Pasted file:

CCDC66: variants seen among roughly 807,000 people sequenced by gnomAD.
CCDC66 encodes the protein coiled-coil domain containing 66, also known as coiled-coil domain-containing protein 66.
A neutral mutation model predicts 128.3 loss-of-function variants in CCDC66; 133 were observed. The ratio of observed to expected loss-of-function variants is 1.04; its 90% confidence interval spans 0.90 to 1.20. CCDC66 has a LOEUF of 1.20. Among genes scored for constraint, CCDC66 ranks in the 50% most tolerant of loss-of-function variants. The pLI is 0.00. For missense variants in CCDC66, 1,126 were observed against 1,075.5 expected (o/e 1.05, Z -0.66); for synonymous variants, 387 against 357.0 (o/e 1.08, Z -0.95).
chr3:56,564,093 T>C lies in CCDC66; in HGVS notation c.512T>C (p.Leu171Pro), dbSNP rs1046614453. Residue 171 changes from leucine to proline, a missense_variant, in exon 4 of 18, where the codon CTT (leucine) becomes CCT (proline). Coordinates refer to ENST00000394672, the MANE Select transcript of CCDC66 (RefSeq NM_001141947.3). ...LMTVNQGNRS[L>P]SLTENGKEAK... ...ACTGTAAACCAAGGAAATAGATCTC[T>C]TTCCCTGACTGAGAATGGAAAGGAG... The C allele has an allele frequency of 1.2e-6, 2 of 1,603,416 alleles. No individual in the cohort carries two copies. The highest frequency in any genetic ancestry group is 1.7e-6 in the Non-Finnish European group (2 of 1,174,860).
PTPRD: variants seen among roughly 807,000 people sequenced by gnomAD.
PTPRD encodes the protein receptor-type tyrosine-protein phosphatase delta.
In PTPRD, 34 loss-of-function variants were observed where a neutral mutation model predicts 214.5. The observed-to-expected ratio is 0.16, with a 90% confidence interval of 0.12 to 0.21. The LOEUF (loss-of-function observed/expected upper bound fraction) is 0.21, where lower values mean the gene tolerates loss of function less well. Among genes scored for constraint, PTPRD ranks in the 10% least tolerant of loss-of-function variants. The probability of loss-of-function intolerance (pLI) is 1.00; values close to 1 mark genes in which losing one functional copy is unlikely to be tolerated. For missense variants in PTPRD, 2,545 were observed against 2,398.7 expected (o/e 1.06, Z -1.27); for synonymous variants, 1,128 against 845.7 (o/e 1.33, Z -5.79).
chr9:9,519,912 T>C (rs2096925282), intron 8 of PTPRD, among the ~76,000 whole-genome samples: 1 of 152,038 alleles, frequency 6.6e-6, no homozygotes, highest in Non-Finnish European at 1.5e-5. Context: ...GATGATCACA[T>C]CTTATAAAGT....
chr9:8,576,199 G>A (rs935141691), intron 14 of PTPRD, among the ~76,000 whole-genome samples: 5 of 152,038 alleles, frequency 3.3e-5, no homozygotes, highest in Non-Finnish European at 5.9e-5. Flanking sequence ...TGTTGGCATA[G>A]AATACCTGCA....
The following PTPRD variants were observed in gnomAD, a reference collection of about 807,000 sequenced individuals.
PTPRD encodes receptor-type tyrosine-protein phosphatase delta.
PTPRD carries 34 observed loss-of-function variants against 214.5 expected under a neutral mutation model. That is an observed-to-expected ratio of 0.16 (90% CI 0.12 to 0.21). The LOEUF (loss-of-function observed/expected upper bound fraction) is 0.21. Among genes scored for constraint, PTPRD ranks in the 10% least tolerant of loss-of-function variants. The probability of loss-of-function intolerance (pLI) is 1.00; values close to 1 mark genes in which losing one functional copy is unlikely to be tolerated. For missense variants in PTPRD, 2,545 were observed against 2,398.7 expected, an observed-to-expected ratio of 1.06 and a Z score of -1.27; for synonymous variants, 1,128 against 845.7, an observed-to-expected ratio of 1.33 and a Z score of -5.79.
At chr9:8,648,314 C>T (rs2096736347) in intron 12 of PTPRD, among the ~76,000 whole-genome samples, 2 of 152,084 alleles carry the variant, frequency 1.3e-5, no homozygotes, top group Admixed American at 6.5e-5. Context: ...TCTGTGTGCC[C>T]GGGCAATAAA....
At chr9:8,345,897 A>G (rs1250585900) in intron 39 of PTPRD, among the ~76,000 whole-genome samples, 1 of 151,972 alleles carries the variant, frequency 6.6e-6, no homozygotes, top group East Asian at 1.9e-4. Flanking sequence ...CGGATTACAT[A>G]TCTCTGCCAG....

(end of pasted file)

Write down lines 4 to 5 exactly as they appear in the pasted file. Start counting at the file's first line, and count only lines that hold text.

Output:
chr3:56,564,093 T>C lies in CCDC66; in HGVS notation c.512T>C (p.Leu171Pro), dbSNP rs1046614453. Residue 171 changes from leucine to proline, a missense_variant, in exon 4 of 18, where the codon CTT (leucine) becomes CCT (proline). Coordinates refer to ENST00000394672, the MANE Select transcript of CCDC66 (RefSeq NM_001141947.3). ...LMTVNQGNRS[L>P]SLTENGKEAK... ...ACTGTAAACCAAGGAAATAGATCTC[T>C]TTCCCTGACTGAGAATGGAAAGGAG... The C allele has an allele frequency of 1.2e-6, 2 of 1,603,416 alleles. No individual in the cohort carries two copies. The highest frequency in any genetic ancestry group is 1.7e-6 in the Non-Finnish European group (2 of 1,174,860).
PTPRD: variants seen among roughly 807,000 people sequenced by gnomAD.